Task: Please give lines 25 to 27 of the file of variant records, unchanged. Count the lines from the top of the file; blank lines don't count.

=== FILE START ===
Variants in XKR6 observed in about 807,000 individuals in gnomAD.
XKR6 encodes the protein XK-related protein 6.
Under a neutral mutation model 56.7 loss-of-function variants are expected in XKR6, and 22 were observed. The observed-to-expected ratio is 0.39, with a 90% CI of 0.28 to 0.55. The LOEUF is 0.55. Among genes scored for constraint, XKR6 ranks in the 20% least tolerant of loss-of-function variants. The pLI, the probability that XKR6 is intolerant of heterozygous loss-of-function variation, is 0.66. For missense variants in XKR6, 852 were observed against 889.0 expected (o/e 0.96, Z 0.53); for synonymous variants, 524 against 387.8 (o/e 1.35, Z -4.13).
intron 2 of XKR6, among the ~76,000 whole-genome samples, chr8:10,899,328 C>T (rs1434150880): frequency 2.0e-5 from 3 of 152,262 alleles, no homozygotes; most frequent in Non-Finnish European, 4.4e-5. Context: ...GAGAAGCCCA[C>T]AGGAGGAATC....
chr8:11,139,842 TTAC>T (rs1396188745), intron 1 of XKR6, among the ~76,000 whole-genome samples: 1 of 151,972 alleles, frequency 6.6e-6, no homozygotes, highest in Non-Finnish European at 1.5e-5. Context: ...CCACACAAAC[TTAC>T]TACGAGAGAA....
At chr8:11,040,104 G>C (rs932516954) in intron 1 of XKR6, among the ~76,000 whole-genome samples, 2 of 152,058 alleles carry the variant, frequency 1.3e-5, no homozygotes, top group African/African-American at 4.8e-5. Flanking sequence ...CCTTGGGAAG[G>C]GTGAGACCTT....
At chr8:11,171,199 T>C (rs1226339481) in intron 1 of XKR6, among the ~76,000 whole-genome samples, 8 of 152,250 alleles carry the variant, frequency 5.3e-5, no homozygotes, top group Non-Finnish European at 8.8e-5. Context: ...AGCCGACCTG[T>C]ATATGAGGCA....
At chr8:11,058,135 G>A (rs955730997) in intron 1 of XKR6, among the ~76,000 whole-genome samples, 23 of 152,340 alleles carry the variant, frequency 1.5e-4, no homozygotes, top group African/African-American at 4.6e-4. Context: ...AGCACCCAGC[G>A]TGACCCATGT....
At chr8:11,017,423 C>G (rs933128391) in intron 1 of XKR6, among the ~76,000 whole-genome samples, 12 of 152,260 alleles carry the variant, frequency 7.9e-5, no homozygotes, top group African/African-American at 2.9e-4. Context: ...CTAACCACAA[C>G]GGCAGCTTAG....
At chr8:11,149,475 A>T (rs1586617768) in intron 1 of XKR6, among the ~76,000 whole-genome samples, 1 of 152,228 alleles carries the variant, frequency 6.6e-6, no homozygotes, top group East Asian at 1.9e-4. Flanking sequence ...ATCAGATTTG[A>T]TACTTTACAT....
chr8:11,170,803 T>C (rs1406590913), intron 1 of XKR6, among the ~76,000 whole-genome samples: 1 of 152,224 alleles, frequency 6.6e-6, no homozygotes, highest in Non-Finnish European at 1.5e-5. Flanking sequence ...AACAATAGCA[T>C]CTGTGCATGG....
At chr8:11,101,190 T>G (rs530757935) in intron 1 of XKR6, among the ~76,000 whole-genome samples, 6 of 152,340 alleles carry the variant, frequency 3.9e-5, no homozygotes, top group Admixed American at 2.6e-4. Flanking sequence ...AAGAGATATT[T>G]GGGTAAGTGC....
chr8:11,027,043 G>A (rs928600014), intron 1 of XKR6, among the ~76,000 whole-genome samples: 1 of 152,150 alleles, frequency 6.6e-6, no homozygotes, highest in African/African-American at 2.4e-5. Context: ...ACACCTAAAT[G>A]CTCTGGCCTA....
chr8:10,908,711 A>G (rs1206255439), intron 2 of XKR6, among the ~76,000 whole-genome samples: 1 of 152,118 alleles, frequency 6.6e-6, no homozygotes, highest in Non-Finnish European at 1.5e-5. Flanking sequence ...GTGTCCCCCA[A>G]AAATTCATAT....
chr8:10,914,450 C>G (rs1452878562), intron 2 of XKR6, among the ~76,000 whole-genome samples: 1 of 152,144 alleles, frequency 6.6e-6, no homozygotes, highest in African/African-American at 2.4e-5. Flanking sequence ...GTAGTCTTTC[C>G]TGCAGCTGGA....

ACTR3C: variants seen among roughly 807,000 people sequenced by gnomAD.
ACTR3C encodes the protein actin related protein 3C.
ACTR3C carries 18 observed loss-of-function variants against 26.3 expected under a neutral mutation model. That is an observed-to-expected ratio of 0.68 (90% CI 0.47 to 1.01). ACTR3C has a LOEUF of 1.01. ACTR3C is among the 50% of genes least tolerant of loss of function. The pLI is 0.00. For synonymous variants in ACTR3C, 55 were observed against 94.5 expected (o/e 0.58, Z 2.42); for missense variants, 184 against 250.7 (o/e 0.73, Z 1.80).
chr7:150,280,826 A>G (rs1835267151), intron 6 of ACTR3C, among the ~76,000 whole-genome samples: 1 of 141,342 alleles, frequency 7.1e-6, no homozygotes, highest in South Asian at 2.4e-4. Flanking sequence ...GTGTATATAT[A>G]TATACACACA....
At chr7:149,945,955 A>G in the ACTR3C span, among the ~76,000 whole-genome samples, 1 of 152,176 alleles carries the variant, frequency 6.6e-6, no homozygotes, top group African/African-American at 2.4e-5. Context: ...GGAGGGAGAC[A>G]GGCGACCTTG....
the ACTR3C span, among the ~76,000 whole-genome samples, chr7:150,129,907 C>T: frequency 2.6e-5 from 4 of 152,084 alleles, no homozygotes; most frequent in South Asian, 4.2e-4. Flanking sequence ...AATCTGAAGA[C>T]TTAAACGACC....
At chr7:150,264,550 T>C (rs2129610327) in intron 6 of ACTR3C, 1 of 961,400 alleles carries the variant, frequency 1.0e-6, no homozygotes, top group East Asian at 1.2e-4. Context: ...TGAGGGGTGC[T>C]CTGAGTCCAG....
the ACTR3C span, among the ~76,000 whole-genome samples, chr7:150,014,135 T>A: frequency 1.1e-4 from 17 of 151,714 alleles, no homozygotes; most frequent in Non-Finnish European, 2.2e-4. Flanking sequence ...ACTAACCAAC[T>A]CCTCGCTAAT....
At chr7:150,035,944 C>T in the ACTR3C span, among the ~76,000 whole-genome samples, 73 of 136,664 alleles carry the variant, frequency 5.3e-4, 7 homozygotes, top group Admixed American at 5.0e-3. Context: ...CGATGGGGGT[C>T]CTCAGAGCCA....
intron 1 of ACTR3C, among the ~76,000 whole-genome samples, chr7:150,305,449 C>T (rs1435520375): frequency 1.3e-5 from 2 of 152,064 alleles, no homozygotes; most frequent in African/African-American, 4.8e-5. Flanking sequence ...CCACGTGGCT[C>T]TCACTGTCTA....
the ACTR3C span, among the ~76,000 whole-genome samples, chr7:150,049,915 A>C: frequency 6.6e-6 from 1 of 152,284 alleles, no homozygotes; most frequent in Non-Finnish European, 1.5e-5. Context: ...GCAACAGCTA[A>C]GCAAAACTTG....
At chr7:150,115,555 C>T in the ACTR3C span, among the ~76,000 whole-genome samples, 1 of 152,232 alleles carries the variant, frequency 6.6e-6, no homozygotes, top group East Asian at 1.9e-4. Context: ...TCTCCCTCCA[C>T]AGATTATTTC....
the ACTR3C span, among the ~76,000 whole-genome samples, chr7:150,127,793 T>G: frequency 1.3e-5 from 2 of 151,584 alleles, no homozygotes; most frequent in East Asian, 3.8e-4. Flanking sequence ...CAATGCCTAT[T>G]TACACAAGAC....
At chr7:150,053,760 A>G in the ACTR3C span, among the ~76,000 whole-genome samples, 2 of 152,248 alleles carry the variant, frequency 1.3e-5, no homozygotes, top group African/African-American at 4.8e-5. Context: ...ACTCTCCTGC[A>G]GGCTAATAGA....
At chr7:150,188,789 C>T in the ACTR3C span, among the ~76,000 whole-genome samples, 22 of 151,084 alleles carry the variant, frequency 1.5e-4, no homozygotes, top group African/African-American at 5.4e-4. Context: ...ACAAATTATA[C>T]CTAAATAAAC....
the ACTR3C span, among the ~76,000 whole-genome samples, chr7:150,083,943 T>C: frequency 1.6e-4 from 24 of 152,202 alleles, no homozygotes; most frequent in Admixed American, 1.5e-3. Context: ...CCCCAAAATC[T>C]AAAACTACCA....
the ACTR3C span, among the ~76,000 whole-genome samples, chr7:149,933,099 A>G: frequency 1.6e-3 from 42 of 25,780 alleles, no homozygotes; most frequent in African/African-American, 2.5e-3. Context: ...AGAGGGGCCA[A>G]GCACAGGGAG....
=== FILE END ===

intron 1 of ACTR3C, among the ~76,000 whole-genome samples, chr7:150,305,449 C>T (rs1435520375): frequency 1.3e-5 from 2 of 152,064 alleles, no homozygotes; most frequent in African/African-American, 4.8e-5. Flanking sequence ...CCACGTGGCT[C>T]TCACTGTCTA....
the ACTR3C span, among the ~76,000 whole-genome samples, chr7:150,049,915 A>C: frequency 6.6e-6 from 1 of 152,284 alleles, no homozygotes; most frequent in Non-Finnish European, 1.5e-5. Context: ...GCAACAGCTA[A>C]GCAAAACTTG....
At chr7:150,115,555 C>T in the ACTR3C span, among the ~76,000 whole-genome samples, 1 of 152,232 alleles carries the variant, frequency 6.6e-6, no homozygotes, top group East Asian at 1.9e-4. Context: ...TCTCCCTCCA[C>T]AGATTATTTC....